My nursing position caused me to have panic attacks and feel burned out. What can I do?

Looking ahead is key even for nurses with more than 15 years on the job. Katie Kessler, RN, MSN, director of professional partnerships at the Michigan State University College of Nursing, suggests you ask yourself what kind of nursing you’d like to be doing in the future. “In what way do you think you could make the best contribution? And what kind of preparation is that going to take?”

The sheer physicality of acute care nursing compels many seasoned nurses to transition to other treatment venues, she notes. But moving into a new field can be daunting, even with years of experience in another area.

That’s why the college, with the support of a Partners Investing in Nursing’s Future grant and the Blue Cross Blue Shield of Michigan Foundation developed the Nursing for Life program (nursing.msu.edu/nursingforlife.aspx), an educational program consisting of online theory modules and precepted clinicals in community-based settings that are targeted to grow during the next 20 to 30 years: ambulatory care, home care, long-term care and hospice/palliative care. (A new grant is supporting the development of new modules in case management and quality/safety management.)

“Nurses used to be able to transition from one area to another pretty easily, but because areas have become so specialized with the skill sets that they need, it’s more difficult to make those transitions,” Kessler says.

Don’t be afraid to look for educational programs to ease that transition. Changing fields doesn’t necessarily require getting another degree, but getting more education certainly can help you get up to speed in your new area of interest, Kessler says.

After 40 years of nursing, what’s next?

Nurses near retirement should reflect on what they want the legacy of their life’s work to be, says Betty Smith Williams, RN, DrPH, FAAN, president emerita of the National Coalition of Ethnic Minority Nursing Associations. “The more you know yourself and the more you analyze what your career was about, the better off you’ll be.”

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posted in: Career, National, New Jersey, Employer News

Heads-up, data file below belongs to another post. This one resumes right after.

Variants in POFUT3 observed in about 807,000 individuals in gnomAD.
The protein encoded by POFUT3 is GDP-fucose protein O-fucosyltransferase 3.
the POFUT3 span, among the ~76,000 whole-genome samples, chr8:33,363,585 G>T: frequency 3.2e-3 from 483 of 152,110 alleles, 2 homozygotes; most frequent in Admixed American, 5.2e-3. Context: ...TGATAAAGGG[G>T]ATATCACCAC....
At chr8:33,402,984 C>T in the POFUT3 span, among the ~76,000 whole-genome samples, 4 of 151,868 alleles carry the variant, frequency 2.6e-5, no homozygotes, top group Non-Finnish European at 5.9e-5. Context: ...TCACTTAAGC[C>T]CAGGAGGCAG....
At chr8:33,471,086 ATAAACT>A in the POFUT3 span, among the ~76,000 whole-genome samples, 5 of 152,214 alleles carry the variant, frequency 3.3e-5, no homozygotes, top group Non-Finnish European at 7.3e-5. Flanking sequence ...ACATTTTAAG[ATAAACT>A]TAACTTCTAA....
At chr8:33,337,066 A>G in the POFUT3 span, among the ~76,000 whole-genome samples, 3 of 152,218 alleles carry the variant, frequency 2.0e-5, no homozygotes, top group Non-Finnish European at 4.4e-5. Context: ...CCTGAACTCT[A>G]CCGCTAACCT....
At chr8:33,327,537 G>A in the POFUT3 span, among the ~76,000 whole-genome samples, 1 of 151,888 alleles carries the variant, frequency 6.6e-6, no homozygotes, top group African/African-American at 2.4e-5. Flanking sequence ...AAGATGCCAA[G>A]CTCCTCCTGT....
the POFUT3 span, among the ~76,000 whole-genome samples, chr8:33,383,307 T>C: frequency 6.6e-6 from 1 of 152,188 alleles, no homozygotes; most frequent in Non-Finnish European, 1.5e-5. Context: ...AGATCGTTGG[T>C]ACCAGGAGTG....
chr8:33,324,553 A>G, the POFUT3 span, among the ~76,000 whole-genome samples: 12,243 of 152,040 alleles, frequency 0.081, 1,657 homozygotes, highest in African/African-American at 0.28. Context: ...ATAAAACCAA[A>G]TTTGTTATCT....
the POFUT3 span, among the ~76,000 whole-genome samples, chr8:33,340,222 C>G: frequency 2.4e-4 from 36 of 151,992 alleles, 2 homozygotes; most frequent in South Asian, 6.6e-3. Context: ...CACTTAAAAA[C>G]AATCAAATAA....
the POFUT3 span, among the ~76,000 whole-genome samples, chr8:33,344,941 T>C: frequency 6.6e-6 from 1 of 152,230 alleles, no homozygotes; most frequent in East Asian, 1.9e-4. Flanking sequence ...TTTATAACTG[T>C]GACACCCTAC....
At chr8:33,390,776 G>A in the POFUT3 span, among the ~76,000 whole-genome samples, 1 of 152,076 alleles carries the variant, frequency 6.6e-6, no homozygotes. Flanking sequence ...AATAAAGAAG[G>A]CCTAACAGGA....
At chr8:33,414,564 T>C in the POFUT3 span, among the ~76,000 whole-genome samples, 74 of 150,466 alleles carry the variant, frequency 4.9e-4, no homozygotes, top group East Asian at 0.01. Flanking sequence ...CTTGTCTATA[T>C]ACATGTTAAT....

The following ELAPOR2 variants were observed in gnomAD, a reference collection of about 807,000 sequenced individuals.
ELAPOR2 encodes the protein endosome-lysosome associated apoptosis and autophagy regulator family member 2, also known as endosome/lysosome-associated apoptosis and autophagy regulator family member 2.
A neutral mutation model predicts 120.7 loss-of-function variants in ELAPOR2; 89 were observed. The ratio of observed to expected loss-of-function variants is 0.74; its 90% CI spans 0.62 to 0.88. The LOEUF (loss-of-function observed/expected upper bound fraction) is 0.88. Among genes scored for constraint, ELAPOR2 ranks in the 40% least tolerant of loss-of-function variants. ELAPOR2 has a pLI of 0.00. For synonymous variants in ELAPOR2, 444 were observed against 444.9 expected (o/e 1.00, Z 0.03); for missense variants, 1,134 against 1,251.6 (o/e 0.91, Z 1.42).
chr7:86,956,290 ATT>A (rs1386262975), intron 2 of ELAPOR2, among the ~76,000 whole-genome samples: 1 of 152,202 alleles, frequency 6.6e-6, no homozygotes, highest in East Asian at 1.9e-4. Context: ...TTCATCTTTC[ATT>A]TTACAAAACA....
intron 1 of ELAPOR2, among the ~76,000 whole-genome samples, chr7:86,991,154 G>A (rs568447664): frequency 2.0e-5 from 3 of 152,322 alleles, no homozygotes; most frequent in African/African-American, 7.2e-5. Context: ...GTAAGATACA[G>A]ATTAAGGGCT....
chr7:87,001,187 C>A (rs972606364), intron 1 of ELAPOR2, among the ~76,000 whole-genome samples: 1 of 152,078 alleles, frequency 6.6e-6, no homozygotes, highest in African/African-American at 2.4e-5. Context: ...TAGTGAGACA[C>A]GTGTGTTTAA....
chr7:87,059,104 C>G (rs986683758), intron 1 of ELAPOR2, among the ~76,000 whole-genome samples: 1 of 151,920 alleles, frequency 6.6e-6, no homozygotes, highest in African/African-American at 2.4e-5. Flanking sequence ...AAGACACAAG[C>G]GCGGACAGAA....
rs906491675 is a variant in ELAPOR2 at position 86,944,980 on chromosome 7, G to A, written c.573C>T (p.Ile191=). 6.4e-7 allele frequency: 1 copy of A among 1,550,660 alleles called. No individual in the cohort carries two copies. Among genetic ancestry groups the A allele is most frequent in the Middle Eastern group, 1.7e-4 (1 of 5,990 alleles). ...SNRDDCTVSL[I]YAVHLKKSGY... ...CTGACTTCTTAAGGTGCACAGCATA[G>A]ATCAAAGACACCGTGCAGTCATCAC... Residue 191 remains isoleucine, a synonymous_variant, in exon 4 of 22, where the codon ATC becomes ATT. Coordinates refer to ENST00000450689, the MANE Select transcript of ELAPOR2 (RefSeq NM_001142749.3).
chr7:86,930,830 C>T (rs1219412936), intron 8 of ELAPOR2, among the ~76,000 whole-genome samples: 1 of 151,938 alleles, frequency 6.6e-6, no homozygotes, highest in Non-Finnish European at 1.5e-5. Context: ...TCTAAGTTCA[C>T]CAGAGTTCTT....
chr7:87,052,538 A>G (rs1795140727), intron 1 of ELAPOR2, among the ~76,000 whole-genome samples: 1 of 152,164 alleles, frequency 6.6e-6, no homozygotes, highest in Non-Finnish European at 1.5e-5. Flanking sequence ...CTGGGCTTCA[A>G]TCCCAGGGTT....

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NJ Spotlight’s Interactive Map: NJ’s Nursing Homes

Often, the decision to place a loved one in a nursing home is difficult and fraught with emotional and financial considerations.

A year of nursing home care costs on average $50,000, according to the AARP. For those who can afford to shop around, the biggest question is how well a facility does at caring for the residents.

The Centers for Medicare and Medicaid Services attempts to help answer that question with its Nursing Home Compare data. This is a report card of sorts, with the federal agency giving ratings of between 1 and 5 stars to each nursing home based on the results of inspections.

In New Jersey, the Department of Health and Senior Services conducts inspections at least annually of all nursing homes that receive federal money.

CMS rates the results of these inspections according to the three main areas: health, including resident care, staff and resident interactions and environment; staffing, which measures the hours worked by nurses and assistants; and quality measures, which include data on vaccinations, pressure sores, depression, infections, and weight loss.

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posted in: New Jersey
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New Jersey League for Nursing honors nurse for leadership

Elisabeth Micich Otero, RN, MSN, BCCC, quality manager and clinical educator at Christian Health Care Center in Wyckoff, N.J., was honored with a New Jersey League for Nursing’s 2011 Nurse Recognition Award. She accepted the award Nov. 4 during the 2011 Nurse Recognition Awards Gala at The Pines Manor in Edison, N.J.

“Elisabeth is an accomplished nurse,” Elaine Whelan, RN-BC, MSN, clinical education director at CHCC, said in a news release. “She possesses a unique blend of expertise in psychiatry, gerontology, nursing professional development and quality improvement. She excels in everything she does.”